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Emergency Management Higher Education Status Report National Academy of Sciences Disasters Roundtable The Emergency Manager of the Future June 13, 2003,

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Presentation on theme: "Emergency Management Higher Education Status Report National Academy of Sciences Disasters Roundtable The Emergency Manager of the Future June 13, 2003,"— Presentation transcript:

1 Emergency Management Higher Education Status Report National Academy of Sciences Disasters Roundtable The Emergency Manager of the Future June 13, 2003, National Academy of Sciences, Washington, DC B. Wayne Blanchard, Ph.D., CEM Emergency Management Higher Education Project Manager (301) ,

2 2 EM Higher Education Conference Participation n 111 Participants – Largest Ever -For EM & HS n 79 Colleges and Universities Represented n 7 College Systems, Associations, Centers n 41 States Represented & District of Columbia n 3 Countries Represented

3 Emergency Management College Programs by FY UNT - Univ. of No. Texas RIT – Rochester Inst. Of Tech. TESC – Thomas Edison State College WISC – Univ. of WI – Madison UNTRIT TESC WISC UC - Berkley Project Begins

4 4 Growth of Collegiate “Emergency Management” Programs n June 2001 – 72 n June 2002 – 78 n June 2003 – 96 – 7 Doctoral Programs –23 Masters Programs – 9 Bachelor Degrees –15 Associate Degrees –42 Certificates and Minors

5 5 Growth of Collegiate EM Programs Between Conferences n 20 Additional Programs n 2 Folded Programs Both were Emergency Mgmt. CertificatesBoth were Emergency Mgmt. Certificates n Net Increase of 18 New Programs n Average of 1 and 1/2 Per Month n Several Others Lined-Up For Fall Roll-Out

6 6 Projected Collegiate EM Program Growth n ~ 100 Programs Under Investigation or Development: –32 at Associate Level –39 at Bachelor Level –27 at Graduate Level – 1 Not Sure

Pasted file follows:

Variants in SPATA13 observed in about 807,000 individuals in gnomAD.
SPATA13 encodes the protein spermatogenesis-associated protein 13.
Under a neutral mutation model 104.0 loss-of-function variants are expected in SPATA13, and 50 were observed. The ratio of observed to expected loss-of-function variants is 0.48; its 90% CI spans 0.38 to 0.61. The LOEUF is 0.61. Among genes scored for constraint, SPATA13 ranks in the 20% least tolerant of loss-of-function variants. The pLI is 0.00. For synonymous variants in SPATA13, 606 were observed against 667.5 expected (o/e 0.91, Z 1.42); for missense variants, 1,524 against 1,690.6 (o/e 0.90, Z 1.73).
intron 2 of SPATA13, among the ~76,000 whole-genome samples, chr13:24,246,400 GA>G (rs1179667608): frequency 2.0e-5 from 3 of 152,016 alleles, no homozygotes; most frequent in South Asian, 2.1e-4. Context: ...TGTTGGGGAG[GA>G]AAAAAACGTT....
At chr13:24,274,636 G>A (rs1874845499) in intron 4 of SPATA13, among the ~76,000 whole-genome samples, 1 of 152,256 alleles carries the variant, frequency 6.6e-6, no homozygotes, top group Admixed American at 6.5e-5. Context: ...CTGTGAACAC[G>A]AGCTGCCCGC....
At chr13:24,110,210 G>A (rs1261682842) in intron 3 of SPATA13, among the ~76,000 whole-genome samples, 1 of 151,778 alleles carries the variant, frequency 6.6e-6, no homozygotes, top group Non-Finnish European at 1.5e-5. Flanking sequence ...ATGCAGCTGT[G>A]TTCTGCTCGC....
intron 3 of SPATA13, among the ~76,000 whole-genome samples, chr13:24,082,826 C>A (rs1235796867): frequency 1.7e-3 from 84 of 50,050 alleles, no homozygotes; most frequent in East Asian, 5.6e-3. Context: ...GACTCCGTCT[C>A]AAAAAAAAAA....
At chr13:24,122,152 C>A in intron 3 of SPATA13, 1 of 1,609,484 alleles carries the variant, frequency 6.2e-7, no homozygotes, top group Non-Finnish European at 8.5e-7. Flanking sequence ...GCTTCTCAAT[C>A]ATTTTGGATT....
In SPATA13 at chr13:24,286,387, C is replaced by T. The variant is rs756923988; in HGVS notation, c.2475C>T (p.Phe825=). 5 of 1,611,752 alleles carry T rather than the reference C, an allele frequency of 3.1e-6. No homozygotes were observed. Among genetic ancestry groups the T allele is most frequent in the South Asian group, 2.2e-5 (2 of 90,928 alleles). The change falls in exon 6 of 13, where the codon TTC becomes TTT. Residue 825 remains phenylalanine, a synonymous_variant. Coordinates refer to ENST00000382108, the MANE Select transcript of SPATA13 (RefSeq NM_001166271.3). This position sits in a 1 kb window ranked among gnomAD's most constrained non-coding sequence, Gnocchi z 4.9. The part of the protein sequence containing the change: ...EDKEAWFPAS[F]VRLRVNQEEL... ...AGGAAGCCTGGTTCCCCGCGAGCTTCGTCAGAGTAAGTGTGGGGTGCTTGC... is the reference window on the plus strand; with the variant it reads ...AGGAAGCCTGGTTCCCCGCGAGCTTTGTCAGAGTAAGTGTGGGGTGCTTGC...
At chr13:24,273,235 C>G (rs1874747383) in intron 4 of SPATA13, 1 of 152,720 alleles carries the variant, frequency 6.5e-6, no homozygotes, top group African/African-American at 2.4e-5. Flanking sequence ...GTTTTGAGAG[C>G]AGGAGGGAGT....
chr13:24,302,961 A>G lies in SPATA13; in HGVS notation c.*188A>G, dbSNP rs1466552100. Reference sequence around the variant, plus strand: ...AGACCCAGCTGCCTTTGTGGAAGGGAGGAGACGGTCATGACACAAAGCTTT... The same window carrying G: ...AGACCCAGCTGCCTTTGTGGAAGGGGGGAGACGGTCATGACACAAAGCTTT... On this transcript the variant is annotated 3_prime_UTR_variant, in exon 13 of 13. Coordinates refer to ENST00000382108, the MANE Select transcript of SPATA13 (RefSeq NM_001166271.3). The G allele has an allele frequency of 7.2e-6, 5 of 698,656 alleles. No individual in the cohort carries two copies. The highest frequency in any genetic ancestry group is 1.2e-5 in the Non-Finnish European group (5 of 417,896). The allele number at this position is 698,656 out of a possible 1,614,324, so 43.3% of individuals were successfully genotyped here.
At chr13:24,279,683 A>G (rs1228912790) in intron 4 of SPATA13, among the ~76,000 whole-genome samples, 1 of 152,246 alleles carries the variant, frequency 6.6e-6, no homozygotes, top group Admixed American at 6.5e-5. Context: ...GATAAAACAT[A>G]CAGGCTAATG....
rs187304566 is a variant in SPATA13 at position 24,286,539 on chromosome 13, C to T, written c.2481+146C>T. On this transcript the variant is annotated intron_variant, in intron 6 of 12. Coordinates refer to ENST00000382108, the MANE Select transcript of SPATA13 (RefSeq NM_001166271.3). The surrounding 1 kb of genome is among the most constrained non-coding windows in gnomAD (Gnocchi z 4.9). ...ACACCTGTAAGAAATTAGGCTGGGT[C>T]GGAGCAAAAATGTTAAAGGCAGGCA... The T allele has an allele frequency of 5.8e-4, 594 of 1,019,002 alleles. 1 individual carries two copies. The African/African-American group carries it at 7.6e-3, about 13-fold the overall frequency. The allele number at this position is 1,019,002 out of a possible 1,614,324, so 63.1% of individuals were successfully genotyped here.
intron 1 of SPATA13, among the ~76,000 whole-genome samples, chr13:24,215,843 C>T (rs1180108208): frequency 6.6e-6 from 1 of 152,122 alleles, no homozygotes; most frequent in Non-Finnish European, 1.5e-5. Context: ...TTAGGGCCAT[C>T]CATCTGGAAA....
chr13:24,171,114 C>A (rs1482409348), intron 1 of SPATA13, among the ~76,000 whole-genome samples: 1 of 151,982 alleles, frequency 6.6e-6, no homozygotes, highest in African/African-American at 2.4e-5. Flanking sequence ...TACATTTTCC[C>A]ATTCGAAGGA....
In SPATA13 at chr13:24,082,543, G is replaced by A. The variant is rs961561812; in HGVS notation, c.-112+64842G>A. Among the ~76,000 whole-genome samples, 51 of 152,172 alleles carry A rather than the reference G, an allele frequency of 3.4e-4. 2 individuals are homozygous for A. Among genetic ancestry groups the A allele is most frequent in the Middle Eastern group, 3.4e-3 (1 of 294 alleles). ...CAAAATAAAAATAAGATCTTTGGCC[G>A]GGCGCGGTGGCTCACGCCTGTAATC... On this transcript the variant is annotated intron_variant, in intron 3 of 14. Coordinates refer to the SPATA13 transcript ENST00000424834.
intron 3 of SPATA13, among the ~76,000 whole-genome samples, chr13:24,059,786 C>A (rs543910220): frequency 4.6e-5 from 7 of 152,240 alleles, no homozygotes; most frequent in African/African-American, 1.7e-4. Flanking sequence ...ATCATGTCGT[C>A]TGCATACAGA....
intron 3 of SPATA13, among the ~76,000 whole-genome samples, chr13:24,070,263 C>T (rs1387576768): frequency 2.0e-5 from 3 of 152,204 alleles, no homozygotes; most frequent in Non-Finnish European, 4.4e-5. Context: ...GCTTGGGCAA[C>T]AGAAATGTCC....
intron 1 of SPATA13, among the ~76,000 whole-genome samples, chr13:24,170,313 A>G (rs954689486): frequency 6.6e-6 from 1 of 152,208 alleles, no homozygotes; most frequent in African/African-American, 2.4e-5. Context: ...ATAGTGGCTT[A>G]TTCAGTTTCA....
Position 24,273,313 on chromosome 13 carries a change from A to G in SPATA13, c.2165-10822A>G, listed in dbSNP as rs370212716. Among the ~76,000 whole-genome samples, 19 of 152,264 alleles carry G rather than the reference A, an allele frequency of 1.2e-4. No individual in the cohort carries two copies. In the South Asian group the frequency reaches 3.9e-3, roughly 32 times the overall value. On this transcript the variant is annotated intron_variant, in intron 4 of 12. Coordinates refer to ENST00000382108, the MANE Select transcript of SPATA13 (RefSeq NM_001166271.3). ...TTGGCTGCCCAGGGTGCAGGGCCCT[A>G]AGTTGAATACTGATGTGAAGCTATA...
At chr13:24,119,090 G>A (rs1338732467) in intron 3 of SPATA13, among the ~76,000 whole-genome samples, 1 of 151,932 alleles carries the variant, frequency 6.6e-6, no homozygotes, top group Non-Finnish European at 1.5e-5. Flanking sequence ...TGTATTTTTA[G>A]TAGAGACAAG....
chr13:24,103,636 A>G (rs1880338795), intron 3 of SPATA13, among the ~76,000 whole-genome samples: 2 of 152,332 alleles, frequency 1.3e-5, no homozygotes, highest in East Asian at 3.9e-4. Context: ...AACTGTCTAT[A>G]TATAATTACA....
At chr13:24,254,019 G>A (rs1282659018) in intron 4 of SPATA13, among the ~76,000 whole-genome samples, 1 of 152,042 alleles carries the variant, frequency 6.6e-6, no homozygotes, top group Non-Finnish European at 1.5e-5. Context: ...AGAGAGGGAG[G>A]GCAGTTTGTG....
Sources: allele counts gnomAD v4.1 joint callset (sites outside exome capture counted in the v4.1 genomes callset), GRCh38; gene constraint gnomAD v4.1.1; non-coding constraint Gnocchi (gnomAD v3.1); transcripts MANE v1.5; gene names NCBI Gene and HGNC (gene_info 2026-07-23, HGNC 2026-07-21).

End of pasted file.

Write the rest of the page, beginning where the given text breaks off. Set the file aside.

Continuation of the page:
7 Map of US Showing Status of EM College Programs by State Emer. Mgmt. Program in Place = Proposed Emer. Mgmt. Program =No Program = Related Emer. Mgmt. Program =

8 8 State Map Break-Out n 46 States Have EM or Related Programs or are Investigating or Developing One: 33 States Have Emergency Mgmt Programs33 States Have Emergency Mgmt Programs –DC & Puerto Rico Have Emergency Mgmt Programs as Well 10 States Are Investigating EM Programs10 States Are Investigating EM Programs 3 States Have EM-Related Programs 3 States Have EM-Related Programs 4 States Have No EM or Related Program 4 States Have No EM or Related Program –(Maine, Montana, Nebraska, Vermont)

9 9 Homeland Security Higher Education Programs n 15 Homeland Security/Terrorism Programs 4 Graduate-Level4 Graduate-Level 2 Bachelors-Level2 Bachelors-Level 2 Associate-Level2 Associate-Level 7 Continuing Education Unit-Level7 Continuing Education Unit-Level n 10 HS Programs Being Developed 7 Graduate-Level7 Graduate-Level 1 Bachelors-Level1 Bachelors-Level 2 CEU-Level2 CEU-Level

10 10 International Disaster Management and Humanitarian Assistance Higher Education Programs n 8 Collegiate Programs Andrews University, MichiganAndrews University, Michigan Johns Hopkins UniversityJohns Hopkins University Harvard School of Public Health & MITHarvard School of Public Health & MIT Tufts UniversityTufts University Tulane UniversityTulane University University of South Florida, TampaUniversity of South Florida, Tampa University of WisconsinUniversity of Wisconsin